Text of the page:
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Some things to consider when sourcing a CNC Machine Shop(Page 2 of 3)
The “Print” is the thing
You will do this by communicating your needs to the shop or
shops you are considering.
way to do this is through use of a blueprint.
The blueprint or “print” contains all of the information a machine shop
needs to make your part the way you want.
It should be unambiguous in all detail.
The fewer ways the print can be interpreted, the better.
I have included a sample print on the website. You will find
it on the Sample Print page. It
contains all of the relevant information needed by a machine shop to make a
part exactly to my liking.
On a separate page, "The Perfect Print"”, I have gone over
this print step-by-step explaining the various call-outs, title block, views,
There is one more thing I will say here. In the last 10 years or so, there has been a
large movement in the manufacturing business toward the use of 3D CAD (Computer Aided Design). In fact, we use 3D CAD extensively to help
our customers make the designs they want “come to life” (the print on the
“Sample Print” page was drawn with 3D CAD) and to make machining more cost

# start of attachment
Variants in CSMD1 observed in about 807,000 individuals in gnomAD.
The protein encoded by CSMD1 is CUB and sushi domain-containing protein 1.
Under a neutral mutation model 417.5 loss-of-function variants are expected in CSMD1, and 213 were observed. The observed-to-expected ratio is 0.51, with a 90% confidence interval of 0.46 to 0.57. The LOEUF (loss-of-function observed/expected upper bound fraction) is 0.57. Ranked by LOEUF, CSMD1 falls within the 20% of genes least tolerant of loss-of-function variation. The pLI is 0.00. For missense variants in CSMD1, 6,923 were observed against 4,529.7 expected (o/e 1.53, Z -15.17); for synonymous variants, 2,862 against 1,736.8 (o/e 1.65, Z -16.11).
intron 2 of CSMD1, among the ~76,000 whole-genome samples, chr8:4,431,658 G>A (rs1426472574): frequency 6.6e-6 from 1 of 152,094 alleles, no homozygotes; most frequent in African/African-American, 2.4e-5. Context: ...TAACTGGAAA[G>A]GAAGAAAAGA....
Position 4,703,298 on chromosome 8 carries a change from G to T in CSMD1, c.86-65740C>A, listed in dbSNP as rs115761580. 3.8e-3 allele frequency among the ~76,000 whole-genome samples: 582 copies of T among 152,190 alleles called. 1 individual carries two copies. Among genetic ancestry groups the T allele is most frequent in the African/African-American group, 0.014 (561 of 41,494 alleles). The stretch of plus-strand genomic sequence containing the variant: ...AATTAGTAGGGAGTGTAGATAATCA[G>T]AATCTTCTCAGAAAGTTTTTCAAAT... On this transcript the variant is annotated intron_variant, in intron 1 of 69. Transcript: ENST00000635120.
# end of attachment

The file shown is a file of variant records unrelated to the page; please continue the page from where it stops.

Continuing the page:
effective and accurate.
But it is not necessary for you to run out and buy an
expensive piece of software to get great-machined parts. Even if you draw your print on a napkin, if
all the necessary information is on that print, there is no reason you should expect less
than perfect parts.
Off for Quoting
Now you have your “perfect” print and are ready to send it
out to get pricing. You should pick a
minimum of 3 shops to quote on this part.
5 is better. There is a maxim in
the machining world that says roughly:
“The price of your part is inversely related to the amount of work
flowing through the door of our shop.”
In other words, all other things being equal, the less work a machining
job shop is doing, the lower the price they are going to quote.
The job shop machining business is very cyclical; so don’t
be surprised by a wide variance in quoted prices.
If you get more than 5 quotes, you can probably toss out the
highest and lowest.
Some shops “buy” work and, unless you are willing to relax
your standards, they will disappoint you.
They will not pay close attention to your print.
On the other hand, if the quote is very high, there is a
possibility that this shop is saying in effect “If they go with this price, I
can afford to make another customer unhappy with a late delivery.” This shop is willing to make late deliveries
to cash in on a big score.
This machine shop will not be a good long-term partner. The next time, your company might be the one
put on the back burner.
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